Among 10th graders, 48 percent in the Methow said their parents would find it “very wrong” for them to drink, while 70 percent of their peers around the state said it would be very wrong.

Perceptions about the tolerance in the Methow for marijuana also diverged from patterns around the state. By a significant margin, fewer Methow 12th graders said their parents would consider it “very wrong” for them to use marijuana, compared with those around the state (48 to 70 percent). Responses of younger students were more consistent statewide.

When it comes to cigarettes, Methow kids’ perceive that their parents are more disapproving than their peers say their parents are.

Researchers studying the data on community perceptions try to assess whether it accurately reflects community attitudes or just others’ take on these views. For example, a separate study recently conducted in Omak found that nine out of 10 parents said they talk to their kids about drugs and alcohol, set clear rules and hold their kids accountable. But only four out of 10 believe that other parents do the same, said Azzano.

Opinions about the acceptance of drugs and alcohol are key in prevention, according to Deb Schnellman, communications manager for the state Division of Behavioral Health and Recovery. Overall community perceptions are important, but the message from parents has the greatest influence on young people’s behavior, she said.

Adults must make it clear that drugs and alcohol have harmful effects on the developing brain and that research has connected use of these substances with criminal activity, lower graduation rates and increased risks of addiction, she said. “There is no research to show that parents who allow responsible drinking at home will keep an 18-year-old from going crazy at college,” said Schnellman.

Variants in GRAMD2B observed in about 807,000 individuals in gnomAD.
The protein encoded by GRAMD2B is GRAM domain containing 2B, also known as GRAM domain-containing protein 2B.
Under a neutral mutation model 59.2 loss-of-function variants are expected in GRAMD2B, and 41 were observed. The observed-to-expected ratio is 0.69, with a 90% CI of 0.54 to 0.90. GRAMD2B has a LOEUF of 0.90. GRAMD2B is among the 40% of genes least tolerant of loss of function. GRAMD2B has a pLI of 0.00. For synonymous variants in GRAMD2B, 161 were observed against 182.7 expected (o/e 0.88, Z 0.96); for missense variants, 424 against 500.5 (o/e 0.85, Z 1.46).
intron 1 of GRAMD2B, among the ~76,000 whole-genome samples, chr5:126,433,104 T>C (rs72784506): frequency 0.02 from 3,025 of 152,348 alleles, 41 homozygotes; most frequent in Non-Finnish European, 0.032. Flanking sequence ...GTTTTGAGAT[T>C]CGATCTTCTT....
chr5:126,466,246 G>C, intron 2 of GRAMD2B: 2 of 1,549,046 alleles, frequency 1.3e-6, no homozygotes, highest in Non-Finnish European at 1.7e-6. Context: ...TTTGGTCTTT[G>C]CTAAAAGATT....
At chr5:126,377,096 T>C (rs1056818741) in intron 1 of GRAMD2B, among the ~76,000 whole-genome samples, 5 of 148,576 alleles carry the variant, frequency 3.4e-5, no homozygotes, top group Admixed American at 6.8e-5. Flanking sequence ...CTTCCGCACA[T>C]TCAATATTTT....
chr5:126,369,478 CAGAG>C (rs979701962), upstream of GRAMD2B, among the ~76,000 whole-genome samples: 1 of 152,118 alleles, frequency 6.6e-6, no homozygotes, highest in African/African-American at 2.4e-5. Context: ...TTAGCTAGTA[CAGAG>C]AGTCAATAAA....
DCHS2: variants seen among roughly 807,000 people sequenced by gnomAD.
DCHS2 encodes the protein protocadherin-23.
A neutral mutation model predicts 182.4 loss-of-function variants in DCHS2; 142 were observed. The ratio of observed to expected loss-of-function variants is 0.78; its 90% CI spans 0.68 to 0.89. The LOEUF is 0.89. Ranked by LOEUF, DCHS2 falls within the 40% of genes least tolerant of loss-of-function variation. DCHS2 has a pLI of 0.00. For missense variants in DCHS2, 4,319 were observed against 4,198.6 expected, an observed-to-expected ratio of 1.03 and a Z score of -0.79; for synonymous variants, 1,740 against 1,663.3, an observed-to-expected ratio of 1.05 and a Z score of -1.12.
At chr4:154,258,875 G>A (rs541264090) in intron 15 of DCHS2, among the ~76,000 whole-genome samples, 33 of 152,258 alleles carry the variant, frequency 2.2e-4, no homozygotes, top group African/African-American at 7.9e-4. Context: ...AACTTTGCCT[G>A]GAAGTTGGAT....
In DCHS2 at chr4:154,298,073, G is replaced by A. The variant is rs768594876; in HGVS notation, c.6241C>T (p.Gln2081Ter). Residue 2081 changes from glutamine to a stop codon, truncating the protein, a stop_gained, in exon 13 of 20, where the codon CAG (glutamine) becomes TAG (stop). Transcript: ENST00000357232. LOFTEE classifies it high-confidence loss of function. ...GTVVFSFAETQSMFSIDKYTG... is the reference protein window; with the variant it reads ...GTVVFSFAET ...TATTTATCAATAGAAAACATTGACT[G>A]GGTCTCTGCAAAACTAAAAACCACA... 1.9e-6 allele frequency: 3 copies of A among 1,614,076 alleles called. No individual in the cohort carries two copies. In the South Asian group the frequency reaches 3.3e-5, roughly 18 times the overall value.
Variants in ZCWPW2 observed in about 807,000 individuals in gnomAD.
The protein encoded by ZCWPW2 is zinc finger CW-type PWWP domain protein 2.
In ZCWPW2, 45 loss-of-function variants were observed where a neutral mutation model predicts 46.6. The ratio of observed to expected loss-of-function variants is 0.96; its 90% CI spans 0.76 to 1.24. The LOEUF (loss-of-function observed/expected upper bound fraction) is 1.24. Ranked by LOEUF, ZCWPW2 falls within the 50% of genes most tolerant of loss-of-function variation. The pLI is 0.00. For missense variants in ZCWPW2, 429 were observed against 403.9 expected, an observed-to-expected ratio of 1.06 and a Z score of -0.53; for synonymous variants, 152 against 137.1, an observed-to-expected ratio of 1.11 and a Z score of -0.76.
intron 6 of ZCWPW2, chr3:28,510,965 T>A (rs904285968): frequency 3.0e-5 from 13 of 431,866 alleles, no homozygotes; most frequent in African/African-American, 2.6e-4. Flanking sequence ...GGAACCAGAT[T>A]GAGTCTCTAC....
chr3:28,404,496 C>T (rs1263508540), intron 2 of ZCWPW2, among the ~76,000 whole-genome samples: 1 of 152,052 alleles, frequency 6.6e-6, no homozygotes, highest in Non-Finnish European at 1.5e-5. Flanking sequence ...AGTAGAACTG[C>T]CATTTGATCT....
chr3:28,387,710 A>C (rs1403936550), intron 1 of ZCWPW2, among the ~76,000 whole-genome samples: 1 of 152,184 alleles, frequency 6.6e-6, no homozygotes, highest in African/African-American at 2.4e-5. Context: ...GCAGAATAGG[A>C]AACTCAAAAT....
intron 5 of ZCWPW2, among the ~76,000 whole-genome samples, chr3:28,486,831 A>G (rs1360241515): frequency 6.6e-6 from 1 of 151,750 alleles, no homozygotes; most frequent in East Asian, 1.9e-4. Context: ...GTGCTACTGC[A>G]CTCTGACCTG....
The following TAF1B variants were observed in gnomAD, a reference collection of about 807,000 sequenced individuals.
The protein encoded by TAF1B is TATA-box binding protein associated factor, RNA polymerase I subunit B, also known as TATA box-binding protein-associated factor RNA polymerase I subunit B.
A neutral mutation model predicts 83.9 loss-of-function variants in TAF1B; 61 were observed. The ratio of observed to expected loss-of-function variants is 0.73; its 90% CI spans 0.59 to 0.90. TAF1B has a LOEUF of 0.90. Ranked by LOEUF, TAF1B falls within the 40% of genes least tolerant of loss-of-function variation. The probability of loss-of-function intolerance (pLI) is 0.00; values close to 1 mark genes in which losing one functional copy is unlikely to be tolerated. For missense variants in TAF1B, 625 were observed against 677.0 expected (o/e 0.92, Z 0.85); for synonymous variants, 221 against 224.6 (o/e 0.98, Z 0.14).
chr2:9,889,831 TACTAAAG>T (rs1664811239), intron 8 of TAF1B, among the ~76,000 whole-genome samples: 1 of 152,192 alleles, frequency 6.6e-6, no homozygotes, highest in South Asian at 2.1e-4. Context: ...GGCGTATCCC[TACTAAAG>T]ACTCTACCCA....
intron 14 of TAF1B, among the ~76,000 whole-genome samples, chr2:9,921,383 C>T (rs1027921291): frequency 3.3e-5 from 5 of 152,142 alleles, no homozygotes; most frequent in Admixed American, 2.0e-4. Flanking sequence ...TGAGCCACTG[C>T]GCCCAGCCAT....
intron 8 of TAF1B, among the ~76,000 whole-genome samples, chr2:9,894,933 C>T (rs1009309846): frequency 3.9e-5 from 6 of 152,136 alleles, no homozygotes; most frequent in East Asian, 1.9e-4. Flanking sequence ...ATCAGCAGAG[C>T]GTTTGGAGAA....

One of the most important messages from adults is that most teens are making healthy choices, said Schnellman. If they perceive that the societal norm is not to smoke or drink, teens will be more likely to make good choices themselves.

 

Someone to talk to

The Healthy Youth Survey also asked about other social factors that affect kids. Methow youths were much more likely than their peers to say there is an adult they can talk to at school.

Among 12th graders, 86 percent said there is someone they can confide in, versus only 59 percent statewide. Similarly, 77 percent of Methow 10th graders said they have someone to talk to (in the state it was 61 percent). The gap closed for eighth graders – only 60 percent of Methow kids said there is someone they can talk to, compared with 63 percent in the state.

 

Funding cuts

In part because of cuts in funding, the state is trying a new approach to prevention. They are directing money to a single coalition in each county that focuses on the community and school district where factors such as dropout rate, poverty and juvenile crime indicate the greatest need, said Schnellman. The Okanogan County Community Coalition is focusing on the Omak School District.

Azzano said the Healthy Youth Survey numbers indicate that the coalition has been effective, pointing to a big decrease in substance abuse in the county over the past 10 years. “It’s really amazing to be able to say prevention does work – for every dollar you spend on prevention, between 10 and 18 dollars is saved on societal costs,” she said.

About four years ago, the coalition’s prevention efforts shifted from working directly with individual students and parents to trying to effect change on the community level, by reducing access to drugs and alcohol and working to change advertising messages, said Azzano.

“If prevention works, you never know – you see the destruction and the heartbreak when addiction works, but you don’t see the prevention,” said Azzano.

Azzano said they hope to have money for interventions outside Omak very soon.